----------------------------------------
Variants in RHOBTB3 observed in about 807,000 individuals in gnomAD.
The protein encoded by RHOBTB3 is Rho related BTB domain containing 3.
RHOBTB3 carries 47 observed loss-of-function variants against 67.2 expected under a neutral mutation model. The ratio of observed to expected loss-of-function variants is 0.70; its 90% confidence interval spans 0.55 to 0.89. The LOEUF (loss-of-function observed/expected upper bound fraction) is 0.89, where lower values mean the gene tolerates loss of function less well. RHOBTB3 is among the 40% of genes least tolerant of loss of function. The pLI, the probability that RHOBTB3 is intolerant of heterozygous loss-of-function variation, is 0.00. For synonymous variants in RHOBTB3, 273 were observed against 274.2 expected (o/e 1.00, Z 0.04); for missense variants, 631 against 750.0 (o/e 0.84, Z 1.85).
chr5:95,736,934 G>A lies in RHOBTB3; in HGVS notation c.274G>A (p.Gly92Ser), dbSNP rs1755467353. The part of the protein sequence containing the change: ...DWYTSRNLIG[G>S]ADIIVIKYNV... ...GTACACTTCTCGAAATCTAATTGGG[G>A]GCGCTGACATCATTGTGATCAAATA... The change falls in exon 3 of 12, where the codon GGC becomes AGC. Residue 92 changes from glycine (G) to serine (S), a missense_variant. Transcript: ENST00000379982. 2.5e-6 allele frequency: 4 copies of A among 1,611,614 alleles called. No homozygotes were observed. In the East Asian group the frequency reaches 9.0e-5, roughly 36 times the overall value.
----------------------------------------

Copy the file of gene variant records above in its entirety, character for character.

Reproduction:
Variants in RHOBTB3 observed in about 807,000 individuals in gnomAD.
The protein encoded by RHOBTB3 is Rho related BTB domain containing 3.
RHOBTB3 carries 47 observed loss-of-function variants against 67.2 expected under a neutral mutation model. The ratio of observed to expected loss-of-function variants is 0.70; its 90% confidence interval spans 0.55 to 0.89. The LOEUF (loss-of-function observed/expected upper bound fraction) is 0.89, where lower values mean the gene tolerates loss of function less well. RHOBTB3 is among the 40% of genes least tolerant of loss of function. The pLI, the probability that RHOBTB3 is intolerant of heterozygous loss-of-function variation, is 0.00. For synonymous variants in RHOBTB3, 273 were observed against 274.2 expected (o/e 1.00, Z 0.04); for missense variants, 631 against 750.0 (o/e 0.84, Z 1.85).
chr5:95,736,934 G>A lies in RHOBTB3; in HGVS notation c.274G>A (p.Gly92Ser), dbSNP rs1755467353. The part of the protein sequence containing the change: ...DWYTSRNLIG[G>S]ADIIVIKYNV... ...GTACACTTCTCGAAATCTAATTGGG[G>A]GCGCTGACATCATTGTGATCAAATA... The change falls in exon 3 of 12, where the codon GGC becomes AGC. Residue 92 changes from glycine (G) to serine (S), a missense_variant. Transcript: ENST00000379982. 2.5e-6 allele frequency: 4 copies of A among 1,611,614 alleles called. No homozygotes were observed. In the East Asian group the frequency reaches 9.0e-5, roughly 36 times the overall value.